Dr. Mike's Fishing Tips
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Equipment Tips

Learn to use your equipment well and broaden your horizons

DRAG SETTINGS: The biggest mistake made by anglers is to have their drag set improperly. Most manufacturers recommend that your drag be set at one-third of your line's test weight. This means that a reel holding 15 pound test line should have the drag set to let out line at 5 pounds of pull. To set your drag run the line out through your rod's guides, tie a loop in the end, then use the hook on a fish scale (the tool, not the fish body part) to pull on the line. When the weight shown on the scale is one-third of your rated line weight, the drag should be letting out line. If not, adjust the drag until it does.

AVOID TANGLES ON YOUR SPINNING REEL: Spinning reels often get bird's nests and tangles, which are usually caused by one of three mistakes. The first is putting the line on the reel improperly. The line should go onto the reel the same way it comes off the spool, taking advantage of the curve the line has memorized from being stored on the spool. Lay the spool FLAT on the ground (do NOT hold it vertically) and start winding the reel. If tangles begin, turn the spool over. The tangling should stop and your reel should be tangle free for the future, as long as you don't make the other two mistakes. The second mistake is to overfill the spool. Spinning reels should never be filled past the front spool lip, or too much line will come out during casting and -POOF!- you'll have a big mess of tangles. The third most common mistake is to crank the reel while a fish is taking out line. While it's OK to crank a baitcaster while a fish makes a run, a spinning reel is not designed for such a mistake. During the fish's run, cranking a spinning reel literally twirls the line around and around, twisting it up like a rubber band and resulting in lots of kinks and tangles.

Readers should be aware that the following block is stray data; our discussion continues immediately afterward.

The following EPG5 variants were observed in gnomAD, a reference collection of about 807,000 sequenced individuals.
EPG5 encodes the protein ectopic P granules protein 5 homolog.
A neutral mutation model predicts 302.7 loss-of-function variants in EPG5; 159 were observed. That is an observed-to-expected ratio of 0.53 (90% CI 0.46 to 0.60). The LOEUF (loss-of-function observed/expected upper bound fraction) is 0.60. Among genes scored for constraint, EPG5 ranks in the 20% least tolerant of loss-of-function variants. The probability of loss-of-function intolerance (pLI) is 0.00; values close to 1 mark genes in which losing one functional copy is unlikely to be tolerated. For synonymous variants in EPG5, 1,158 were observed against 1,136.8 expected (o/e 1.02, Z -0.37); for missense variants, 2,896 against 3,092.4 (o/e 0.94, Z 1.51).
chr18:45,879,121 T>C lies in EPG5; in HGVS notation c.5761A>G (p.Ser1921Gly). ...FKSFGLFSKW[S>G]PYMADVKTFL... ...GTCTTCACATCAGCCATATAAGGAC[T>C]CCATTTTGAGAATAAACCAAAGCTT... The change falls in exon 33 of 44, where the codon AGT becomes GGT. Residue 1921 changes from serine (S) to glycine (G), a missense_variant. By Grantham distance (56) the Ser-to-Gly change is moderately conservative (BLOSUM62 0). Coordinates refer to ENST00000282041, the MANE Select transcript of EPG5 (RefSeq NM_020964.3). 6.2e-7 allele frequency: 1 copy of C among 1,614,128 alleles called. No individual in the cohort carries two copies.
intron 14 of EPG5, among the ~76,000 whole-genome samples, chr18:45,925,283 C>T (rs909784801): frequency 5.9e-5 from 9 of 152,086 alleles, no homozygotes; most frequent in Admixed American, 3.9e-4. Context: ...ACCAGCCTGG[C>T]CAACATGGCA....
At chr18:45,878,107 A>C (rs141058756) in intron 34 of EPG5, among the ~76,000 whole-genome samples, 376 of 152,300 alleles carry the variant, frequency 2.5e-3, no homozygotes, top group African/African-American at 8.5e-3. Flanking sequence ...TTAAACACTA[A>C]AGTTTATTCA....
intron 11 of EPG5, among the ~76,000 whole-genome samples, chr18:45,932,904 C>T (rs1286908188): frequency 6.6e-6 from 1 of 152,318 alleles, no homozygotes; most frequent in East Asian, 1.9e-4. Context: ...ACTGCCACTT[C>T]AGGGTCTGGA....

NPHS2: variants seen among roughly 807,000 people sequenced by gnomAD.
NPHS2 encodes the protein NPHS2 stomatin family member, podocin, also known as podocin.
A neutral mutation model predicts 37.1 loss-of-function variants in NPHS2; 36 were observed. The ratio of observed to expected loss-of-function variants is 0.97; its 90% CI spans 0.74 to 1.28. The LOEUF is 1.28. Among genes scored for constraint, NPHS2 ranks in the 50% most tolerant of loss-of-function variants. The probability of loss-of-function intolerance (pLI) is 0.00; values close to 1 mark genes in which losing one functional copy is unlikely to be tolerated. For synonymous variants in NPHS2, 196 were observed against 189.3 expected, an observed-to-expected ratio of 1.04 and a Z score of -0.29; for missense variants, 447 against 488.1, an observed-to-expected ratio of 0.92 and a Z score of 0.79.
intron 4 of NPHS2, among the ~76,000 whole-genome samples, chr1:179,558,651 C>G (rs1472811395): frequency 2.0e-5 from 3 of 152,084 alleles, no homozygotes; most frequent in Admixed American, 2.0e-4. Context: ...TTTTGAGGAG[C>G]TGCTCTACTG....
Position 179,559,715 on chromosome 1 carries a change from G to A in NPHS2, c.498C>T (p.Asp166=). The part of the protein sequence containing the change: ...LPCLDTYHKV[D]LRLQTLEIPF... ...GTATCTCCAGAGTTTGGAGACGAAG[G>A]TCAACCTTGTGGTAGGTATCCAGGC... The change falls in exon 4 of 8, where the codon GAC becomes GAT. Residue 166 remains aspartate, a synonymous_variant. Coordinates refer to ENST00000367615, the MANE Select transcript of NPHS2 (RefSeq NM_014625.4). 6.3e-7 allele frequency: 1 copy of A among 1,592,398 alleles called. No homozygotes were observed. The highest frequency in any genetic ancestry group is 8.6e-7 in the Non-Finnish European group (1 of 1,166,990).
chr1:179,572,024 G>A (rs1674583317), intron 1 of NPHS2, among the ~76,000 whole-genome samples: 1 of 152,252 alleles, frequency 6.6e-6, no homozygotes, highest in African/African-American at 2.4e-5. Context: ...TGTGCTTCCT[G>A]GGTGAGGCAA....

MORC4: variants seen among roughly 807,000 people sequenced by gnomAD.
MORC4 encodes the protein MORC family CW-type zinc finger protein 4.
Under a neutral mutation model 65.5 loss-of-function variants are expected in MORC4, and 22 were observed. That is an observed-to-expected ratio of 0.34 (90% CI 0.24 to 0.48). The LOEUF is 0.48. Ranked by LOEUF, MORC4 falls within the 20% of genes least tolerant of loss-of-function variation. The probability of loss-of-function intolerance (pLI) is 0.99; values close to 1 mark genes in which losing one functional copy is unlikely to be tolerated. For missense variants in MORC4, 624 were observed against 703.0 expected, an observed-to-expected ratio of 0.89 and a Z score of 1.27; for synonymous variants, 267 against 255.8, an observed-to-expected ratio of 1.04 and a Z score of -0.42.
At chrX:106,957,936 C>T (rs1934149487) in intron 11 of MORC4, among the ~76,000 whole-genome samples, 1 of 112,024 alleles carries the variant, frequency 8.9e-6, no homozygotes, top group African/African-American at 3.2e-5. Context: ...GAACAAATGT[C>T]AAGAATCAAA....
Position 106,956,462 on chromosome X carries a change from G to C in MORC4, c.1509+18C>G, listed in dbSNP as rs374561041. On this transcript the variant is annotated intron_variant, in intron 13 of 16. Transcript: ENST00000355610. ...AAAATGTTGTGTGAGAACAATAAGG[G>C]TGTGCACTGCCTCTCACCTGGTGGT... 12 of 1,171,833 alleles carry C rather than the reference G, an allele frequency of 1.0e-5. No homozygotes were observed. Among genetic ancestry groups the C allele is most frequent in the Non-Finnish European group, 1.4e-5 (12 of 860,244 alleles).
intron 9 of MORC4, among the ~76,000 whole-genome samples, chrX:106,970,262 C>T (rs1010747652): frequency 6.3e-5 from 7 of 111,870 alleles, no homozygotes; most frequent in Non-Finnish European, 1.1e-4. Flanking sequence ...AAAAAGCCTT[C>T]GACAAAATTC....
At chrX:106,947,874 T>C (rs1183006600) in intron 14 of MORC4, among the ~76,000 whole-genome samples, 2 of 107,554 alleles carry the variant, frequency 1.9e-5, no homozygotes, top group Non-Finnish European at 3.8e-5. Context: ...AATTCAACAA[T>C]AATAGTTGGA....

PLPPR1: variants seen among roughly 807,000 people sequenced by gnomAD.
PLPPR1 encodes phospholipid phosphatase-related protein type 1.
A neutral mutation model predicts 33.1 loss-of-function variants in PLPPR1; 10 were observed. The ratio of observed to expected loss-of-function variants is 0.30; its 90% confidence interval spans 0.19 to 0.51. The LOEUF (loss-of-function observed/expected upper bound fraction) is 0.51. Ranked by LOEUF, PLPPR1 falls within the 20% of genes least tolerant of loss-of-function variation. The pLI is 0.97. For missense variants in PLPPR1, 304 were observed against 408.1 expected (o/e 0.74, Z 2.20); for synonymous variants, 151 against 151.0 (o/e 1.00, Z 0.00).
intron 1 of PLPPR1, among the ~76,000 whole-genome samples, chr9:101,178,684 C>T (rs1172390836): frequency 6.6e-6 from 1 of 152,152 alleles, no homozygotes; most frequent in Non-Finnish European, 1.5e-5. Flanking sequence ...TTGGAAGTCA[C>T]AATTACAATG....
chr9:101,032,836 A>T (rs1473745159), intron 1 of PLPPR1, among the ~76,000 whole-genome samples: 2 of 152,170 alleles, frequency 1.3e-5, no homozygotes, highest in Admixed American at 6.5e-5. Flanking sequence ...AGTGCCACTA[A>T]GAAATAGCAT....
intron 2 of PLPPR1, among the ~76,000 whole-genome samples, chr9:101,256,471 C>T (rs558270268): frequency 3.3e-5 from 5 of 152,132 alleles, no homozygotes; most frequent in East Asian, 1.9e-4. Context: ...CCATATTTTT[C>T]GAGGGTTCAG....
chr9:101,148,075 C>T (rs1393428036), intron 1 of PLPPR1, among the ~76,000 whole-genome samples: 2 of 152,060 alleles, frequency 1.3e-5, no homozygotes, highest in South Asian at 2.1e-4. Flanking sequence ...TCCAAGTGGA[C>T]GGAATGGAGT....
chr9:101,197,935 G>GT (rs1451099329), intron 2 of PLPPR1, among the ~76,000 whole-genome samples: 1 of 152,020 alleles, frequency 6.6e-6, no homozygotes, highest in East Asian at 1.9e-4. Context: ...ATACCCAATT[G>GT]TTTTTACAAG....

FILLING CASTING AND CONVENTIONAL REELS: Improper filling of casting and conventional reels can lead to tangles, just like on a spinning reel. Again, it is important to put the line on the reel the same way it comes off the spool. This time, the spool of line should be vertical, with the hole horizontal and perhaps with a pencil through it. The line should be coming off the top of the spool, NOT the bottom. Fill the spool to the fill line, which is a painted or etched line on the spool, and you're done.

SETTING CAST CONTROLS ON CASTING REELS: There are 2 primary methods for adjusting the cast controls on casting reels. Try them both and stick with the method that works best for you and your reel. One method is to adjust the control so that it just barely stops the reel from falling when you push the casting button. To do this, loosen the cast control a little and push the button. The lure should start falling. Quickly adjust the cast control until the lure stops falling. Remember to make small adjustments. The other method is to set the control so that there is no overrun when the lure strikes the deck. To do this, push the casting button and let the lure fall to the deck. If the spool keeps turning and lets the line overrun, adjust the cast control and try again. Make small adjustments until the spool stops the instant the lure hits the deck. With either method, you will need to re-adjust the cast control when you change lures, especially if the lure is a different weight.

CASTING A CONVENTIONAL REEL WITH NO CAST CONTROLS: Some people are afraid to try using a conventional casting reel with no cast controls because they fear that they will end up with bad line tangles. However, anyone can learn to cast a conventional reel with a little practice. Conventional reels are typically very rugged, simply made and have a lot of line capacity, so anglers targeting large, strong fish often use them. To cast a conventional reel, push the casting button or lever drag, place your thumb against the line on the spool, swing the rod from behind you to about a 45-degree angle in front, let go with your thumb for a split second, immediately touch the thumb gently against the spool to keep the line from overrunning and tangling, and apply more pressure as the lure touches the water. The extensive use of the thumb has led many instructors to describe experienced conventional reel anglers as having an "educated thumb." Anglers who take the time to practice and educate their thumbs will broaden their skills and may find that they enjoy the strength, simplicity and line capacity of a conventional reel.